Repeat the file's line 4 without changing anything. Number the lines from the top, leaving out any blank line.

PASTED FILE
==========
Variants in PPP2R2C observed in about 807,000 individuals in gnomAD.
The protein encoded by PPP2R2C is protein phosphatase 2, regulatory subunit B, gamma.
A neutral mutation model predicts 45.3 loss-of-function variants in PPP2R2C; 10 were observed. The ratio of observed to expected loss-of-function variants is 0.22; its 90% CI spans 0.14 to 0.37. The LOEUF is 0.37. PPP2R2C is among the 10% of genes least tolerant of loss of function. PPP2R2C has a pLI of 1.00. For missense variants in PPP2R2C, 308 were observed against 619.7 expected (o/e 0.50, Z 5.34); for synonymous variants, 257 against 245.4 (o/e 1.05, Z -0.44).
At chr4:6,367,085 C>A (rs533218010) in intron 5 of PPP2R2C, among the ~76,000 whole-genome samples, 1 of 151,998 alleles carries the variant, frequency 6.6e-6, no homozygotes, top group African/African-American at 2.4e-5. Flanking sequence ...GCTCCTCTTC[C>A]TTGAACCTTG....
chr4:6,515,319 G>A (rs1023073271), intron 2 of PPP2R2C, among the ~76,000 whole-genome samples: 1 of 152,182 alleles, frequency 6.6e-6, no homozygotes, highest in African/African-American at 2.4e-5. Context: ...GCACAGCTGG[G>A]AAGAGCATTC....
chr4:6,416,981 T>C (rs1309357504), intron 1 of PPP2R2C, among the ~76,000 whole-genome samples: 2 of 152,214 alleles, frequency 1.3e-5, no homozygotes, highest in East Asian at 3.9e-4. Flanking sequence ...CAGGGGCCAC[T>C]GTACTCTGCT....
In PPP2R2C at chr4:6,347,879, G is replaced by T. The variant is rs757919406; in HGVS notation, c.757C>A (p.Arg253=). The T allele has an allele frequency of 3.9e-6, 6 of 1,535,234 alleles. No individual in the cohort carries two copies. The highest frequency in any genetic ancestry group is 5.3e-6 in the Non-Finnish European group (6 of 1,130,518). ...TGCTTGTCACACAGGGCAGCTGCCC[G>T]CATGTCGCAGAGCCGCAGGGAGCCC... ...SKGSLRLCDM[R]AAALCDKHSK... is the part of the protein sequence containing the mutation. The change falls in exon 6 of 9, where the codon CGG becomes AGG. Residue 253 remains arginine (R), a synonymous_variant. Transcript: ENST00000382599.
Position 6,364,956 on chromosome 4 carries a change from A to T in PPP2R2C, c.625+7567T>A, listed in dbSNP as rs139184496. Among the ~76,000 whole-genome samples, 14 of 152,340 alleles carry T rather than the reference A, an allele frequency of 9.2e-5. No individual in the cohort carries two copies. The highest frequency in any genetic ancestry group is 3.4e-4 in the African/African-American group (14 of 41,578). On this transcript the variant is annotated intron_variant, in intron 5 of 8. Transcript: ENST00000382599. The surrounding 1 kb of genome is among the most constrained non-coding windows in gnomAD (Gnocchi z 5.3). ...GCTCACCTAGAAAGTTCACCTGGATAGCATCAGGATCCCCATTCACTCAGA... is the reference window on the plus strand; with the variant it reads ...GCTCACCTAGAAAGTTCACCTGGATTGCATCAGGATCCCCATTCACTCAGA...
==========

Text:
At chr4:6,367,085 C>A (rs533218010) in intron 5 of PPP2R2C, among the ~76,000 whole-genome samples, 1 of 151,998 alleles carries the variant, frequency 6.6e-6, no homozygotes, top group African/African-American at 2.4e-5. Flanking sequence ...GCTCCTCTTC[C>A]TTGAACCTTG....